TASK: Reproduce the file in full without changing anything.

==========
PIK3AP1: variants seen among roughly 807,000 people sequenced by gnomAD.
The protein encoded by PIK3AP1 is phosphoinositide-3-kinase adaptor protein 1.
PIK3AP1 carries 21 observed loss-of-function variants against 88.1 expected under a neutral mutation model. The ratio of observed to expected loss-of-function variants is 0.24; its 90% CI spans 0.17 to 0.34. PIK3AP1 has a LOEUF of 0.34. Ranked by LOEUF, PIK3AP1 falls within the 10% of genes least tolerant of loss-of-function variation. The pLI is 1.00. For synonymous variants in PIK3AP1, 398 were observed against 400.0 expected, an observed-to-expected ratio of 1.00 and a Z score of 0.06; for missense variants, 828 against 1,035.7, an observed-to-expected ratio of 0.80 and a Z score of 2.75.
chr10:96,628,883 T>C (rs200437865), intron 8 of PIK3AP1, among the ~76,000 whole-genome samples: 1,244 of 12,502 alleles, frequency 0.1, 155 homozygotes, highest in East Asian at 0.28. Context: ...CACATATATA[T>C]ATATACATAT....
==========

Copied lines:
PIK3AP1: variants seen among roughly 807,000 people sequenced by gnomAD.
The protein encoded by PIK3AP1 is phosphoinositide-3-kinase adaptor protein 1.
PIK3AP1 carries 21 observed loss-of-function variants against 88.1 expected under a neutral mutation model. The ratio of observed to expected loss-of-function variants is 0.24; its 90% CI spans 0.17 to 0.34. PIK3AP1 has a LOEUF of 0.34. Ranked by LOEUF, PIK3AP1 falls within the 10% of genes least tolerant of loss-of-function variation. The pLI is 1.00. For synonymous variants in PIK3AP1, 398 were observed against 400.0 expected, an observed-to-expected ratio of 1.00 and a Z score of 0.06; for missense variants, 828 against 1,035.7, an observed-to-expected ratio of 0.80 and a Z score of 2.75.
chr10:96,628,883 T>C (rs200437865), intron 8 of PIK3AP1, among the ~76,000 whole-genome samples: 1,244 of 12,502 alleles, frequency 0.1, 155 homozygotes, highest in East Asian at 0.28. Context: ...CACATATATA[T>C]ATATACATAT....